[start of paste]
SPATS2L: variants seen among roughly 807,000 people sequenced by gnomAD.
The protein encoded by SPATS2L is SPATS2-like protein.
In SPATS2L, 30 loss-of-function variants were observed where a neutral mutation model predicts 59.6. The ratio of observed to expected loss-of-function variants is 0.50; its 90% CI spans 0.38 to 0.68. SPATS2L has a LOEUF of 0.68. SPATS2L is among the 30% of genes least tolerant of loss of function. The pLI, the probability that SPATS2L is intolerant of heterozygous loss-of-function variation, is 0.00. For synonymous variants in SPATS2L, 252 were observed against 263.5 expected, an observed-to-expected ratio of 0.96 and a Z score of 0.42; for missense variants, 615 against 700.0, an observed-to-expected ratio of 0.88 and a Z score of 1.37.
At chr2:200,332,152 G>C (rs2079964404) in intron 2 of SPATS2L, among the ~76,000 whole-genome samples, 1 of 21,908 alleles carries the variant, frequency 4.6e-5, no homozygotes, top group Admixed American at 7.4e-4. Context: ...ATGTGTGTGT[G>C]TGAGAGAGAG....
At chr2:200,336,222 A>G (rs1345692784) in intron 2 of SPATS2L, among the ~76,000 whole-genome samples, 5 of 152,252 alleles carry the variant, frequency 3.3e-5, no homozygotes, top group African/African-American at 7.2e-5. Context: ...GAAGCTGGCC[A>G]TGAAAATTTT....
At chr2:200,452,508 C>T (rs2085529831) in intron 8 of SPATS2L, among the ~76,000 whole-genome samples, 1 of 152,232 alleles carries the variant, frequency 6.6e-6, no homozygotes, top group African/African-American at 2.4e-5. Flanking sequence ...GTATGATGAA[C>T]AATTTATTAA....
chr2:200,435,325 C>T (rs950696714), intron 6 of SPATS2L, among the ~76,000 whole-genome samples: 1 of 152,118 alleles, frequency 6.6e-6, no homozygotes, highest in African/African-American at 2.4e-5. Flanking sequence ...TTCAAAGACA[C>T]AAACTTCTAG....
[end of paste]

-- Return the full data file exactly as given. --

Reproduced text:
SPATS2L: variants seen among roughly 807,000 people sequenced by gnomAD.
The protein encoded by SPATS2L is SPATS2-like protein.
In SPATS2L, 30 loss-of-function variants were observed where a neutral mutation model predicts 59.6. The ratio of observed to expected loss-of-function variants is 0.50; its 90% CI spans 0.38 to 0.68. SPATS2L has a LOEUF of 0.68. SPATS2L is among the 30% of genes least tolerant of loss of function. The pLI, the probability that SPATS2L is intolerant of heterozygous loss-of-function variation, is 0.00. For synonymous variants in SPATS2L, 252 were observed against 263.5 expected, an observed-to-expected ratio of 0.96 and a Z score of 0.42; for missense variants, 615 against 700.0, an observed-to-expected ratio of 0.88 and a Z score of 1.37.
At chr2:200,332,152 G>C (rs2079964404) in intron 2 of SPATS2L, among the ~76,000 whole-genome samples, 1 of 21,908 alleles carries the variant, frequency 4.6e-5, no homozygotes, top group Admixed American at 7.4e-4. Context: ...ATGTGTGTGT[G>C]TGAGAGAGAG....
At chr2:200,336,222 A>G (rs1345692784) in intron 2 of SPATS2L, among the ~76,000 whole-genome samples, 5 of 152,252 alleles carry the variant, frequency 3.3e-5, no homozygotes, top group African/African-American at 7.2e-5. Context: ...GAAGCTGGCC[A>G]TGAAAATTTT....
At chr2:200,452,508 C>T (rs2085529831) in intron 8 of SPATS2L, among the ~76,000 whole-genome samples, 1 of 152,232 alleles carries the variant, frequency 6.6e-6, no homozygotes, top group African/African-American at 2.4e-5. Flanking sequence ...GTATGATGAA[C>T]AATTTATTAA....
chr2:200,435,325 C>T (rs950696714), intron 6 of SPATS2L, among the ~76,000 whole-genome samples: 1 of 152,118 alleles, frequency 6.6e-6, no homozygotes, highest in African/African-American at 2.4e-5. Flanking sequence ...TTCAAAGACA[C>T]AAACTTCTAG....